Yarbrough has performed well in this role. While pitching after an opener, he has added more innings, pitched clean innings, and improved all his peripheral stats. The only thing missing on these nights from his line was the “games started.”
That brings us to the ethical question. Are the Rays hurting Yarbrough by employing this strategy, robbing him of his “starter” status and the “games started” metric? Will he, like Betances, have to hear Chaim Bloom denigrate his contributions at a future arb hearing because he’s “not a starter?”
It’s a difficult question, especially because it requires projecting so far in the future ,and the game seems to be undergoing a dramatic shift in the way bullpen’s are utilized and valued. Furthermore, if the opener is unethical, what about any other use of pitchers that denies them opportunities to gain starts, saves, or wins?
For example, let’s consider the middle relief ace. Players like the Astros Chris Devenski and Brewers Josh Hader both came through their systems as starting pitching prospects, but their breakthrough success in the majors came as relievers (Matt Andriese may be emerging as the Rays version of this type of player).
Actually, saying they’ve had success is underselling it: they have flat out dominated. Both Hader and Devenski have been two of the very best relievers in baseball, with multi-win fWAR seasons under their belts already, and with another seemingly on the way in 2018.
If utilizing an opener is crossing the line, is it fair to use former starters as multi-inning relievers instead? Chris Devenski did not have a ton of prospect hype behind him as a starter, but as a reliever he has grown into a household name.
As an analytically-driven baseball fan, I could not care less about counting stats like wins and saves, and often find that the old traditional closer role to be antiquated. Ken Giles may end the games in Houston, but Devenski is the best reliever on that team, and should be paid like it. Nowadays relievers are such a huge part of the modern game that a traditionalist practice of paying starters more simply because they can start doesn’t make a ton of sense. A backend of the rotation guy who throws 150 league average innings is not more valuable than someone like Devenski who gives his team 80-100 great innings.
Chris Devenski will be entering his first year of arbitration in 2019, and his case will be fascinating to watch to see exactly what the market really is for elite bullpen arms that don’t have many saves. I desperately hope he breaks the bank.
Can the Rays be Trusted?
Bryan Grosnick, way back in 2013 at Beyond the Box Score, wrote about a theory of using a set-up man as an opener to a game instead and outlined how it would work in practice and why teams should try. Recently, Grosnick got to write about that very theory and how it worked in execution in the real game. One criticism of the tactic that Grosnick noted was the ethical concerns, and more specifically about the team itself that employed the strategy:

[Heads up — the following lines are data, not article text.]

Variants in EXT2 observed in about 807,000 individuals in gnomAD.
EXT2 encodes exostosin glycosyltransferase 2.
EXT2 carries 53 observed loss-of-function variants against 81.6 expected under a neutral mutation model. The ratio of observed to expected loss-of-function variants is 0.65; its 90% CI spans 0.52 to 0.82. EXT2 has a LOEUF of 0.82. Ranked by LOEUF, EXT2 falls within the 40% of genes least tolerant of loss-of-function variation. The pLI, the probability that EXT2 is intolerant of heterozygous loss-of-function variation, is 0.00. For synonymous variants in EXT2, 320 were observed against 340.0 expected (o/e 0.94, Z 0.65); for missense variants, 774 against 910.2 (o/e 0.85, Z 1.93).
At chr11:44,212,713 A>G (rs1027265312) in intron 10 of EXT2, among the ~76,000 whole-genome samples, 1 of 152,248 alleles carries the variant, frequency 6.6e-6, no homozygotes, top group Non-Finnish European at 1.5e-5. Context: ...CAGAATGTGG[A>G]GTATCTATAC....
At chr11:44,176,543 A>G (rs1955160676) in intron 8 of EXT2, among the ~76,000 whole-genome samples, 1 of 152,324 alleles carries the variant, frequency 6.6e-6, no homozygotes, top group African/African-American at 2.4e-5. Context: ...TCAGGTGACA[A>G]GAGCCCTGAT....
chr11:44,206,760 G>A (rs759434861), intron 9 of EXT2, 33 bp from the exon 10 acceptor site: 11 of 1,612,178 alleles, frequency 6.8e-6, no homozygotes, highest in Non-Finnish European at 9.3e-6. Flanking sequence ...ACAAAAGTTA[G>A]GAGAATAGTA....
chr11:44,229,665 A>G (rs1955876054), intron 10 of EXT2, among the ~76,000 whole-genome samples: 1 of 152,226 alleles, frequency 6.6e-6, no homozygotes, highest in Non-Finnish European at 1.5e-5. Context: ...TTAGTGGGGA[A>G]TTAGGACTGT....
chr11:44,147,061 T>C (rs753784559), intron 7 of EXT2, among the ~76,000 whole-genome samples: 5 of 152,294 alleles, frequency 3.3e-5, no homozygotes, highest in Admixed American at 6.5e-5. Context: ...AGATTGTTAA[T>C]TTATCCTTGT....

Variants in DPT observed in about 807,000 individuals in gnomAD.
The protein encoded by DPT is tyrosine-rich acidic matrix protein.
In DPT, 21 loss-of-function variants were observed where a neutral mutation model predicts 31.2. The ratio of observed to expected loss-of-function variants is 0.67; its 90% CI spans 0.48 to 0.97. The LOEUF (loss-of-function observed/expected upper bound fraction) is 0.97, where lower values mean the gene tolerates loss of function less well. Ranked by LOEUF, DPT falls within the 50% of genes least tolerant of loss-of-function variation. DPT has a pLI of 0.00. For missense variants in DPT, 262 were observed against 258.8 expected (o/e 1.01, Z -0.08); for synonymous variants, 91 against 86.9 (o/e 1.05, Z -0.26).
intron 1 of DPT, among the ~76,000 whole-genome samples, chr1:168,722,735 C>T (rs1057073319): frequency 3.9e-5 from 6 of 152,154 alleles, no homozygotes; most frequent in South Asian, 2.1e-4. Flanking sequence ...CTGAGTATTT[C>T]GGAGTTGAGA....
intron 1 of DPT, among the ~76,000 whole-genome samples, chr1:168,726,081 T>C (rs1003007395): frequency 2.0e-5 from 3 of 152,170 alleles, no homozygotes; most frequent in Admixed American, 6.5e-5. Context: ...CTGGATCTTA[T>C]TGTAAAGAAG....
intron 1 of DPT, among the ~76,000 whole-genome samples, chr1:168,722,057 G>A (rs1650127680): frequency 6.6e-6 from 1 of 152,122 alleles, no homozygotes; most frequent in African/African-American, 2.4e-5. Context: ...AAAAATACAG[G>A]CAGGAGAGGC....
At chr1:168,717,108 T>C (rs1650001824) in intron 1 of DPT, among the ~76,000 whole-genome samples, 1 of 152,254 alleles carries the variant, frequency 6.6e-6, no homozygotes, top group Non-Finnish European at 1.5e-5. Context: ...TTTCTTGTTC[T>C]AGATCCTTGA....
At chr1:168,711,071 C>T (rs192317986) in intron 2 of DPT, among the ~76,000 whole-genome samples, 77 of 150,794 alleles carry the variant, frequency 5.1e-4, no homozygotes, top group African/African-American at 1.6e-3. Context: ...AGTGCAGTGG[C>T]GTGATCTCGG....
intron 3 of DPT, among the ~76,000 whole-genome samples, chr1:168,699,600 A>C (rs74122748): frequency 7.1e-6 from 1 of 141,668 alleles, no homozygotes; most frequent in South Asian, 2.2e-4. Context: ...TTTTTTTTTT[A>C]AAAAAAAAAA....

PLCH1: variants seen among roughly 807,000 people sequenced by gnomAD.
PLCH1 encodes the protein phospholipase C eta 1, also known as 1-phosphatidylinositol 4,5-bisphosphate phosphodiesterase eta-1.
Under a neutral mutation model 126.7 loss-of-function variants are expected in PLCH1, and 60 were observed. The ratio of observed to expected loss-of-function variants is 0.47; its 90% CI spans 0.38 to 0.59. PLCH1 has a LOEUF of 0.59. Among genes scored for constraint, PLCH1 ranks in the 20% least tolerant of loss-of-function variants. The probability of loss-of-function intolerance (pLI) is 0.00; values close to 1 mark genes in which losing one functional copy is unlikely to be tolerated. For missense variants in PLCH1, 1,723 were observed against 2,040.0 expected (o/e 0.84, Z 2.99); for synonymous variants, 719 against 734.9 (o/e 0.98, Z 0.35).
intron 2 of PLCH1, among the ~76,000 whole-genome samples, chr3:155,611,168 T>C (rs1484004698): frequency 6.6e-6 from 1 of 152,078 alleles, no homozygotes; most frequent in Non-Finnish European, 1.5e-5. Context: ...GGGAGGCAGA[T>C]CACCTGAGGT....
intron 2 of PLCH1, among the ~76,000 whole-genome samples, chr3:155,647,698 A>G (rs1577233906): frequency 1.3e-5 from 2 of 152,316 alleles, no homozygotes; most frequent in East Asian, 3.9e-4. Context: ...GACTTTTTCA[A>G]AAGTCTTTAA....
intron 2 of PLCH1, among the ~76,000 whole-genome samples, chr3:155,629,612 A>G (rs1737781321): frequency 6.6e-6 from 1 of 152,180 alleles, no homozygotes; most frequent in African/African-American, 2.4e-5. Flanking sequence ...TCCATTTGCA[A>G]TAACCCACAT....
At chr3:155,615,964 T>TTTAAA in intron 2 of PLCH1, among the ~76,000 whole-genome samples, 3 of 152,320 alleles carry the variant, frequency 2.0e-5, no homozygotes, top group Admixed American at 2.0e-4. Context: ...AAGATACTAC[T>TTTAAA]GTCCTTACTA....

The Rays have a recent history of being extremely cost-averse, and working hard to keep player payroll extremely low in spite of large payouts from the league. We probably can’t (at this point) trust that the Rays are making moves simply in order to win games.
Now, Grosnick is not alone in his concern. Many baseball writers and commentators have cast the Rays this offseason being greedy, selfish, disgraceful, and most importantly, un-trustworthy. However, while that narrative certainly is convenient, from the point of view of explaining how often big-name players are traded near the end of their contracts, is it accurate?
The Rays payroll has been on the lower end of baseball for pretty much the entire franchise history, but as JT Morgan wrote earlier this year: the Rays spending is in line, per their revenue, with the rest of baseball. About 56% of their revenue in 2017 was spent on players (that’s including things like International FA and the draft, etc.), which is similar to what Ben Lindberg of the Ringer found in his research on baseball’s economics. The Rays clearly have financial restrictions, placed on them by their ownership group. But that does not mean they are operating like a Jeffrey Loria team, running the organization solely as a way to pack their pockets and grift the fans. There are some big and obvious issues that impact the Rays revenue:
- Old, widely decried stadium
- Low attendance
- Old and unlucrative TV deal
Now that a new TV deal has been agreed upon, based on the consistent strong ratings in the Tampa Bay market, that will fix one revenue stream, but the two other issues won’t be change until the team moves, preferably across the bay to a new, more accessible stadium in Ybor City.
Another big reason why folks have thought that the Rays cannot be trusted is the way they have manipulated the arb system to their advantage by holding players down in the minor leagues to secure an extra year of control. There is no doubt that the Rays do this. Practically every team in baseball does this.
The Chicago Cubs, not exactly a pauper of a team, held Kris Bryant down to “work on his third-base defense” for a convenient amount of days at the beginning of the 2015 season—until they had an extra year of control.
Just this year the Atlanta Braves left uber-prospect Ronald Acuna in the minors, despite his blistering spring training. After the Braves had secured his extra year of control, Acuna got the call and immediately continued to crush baseballs.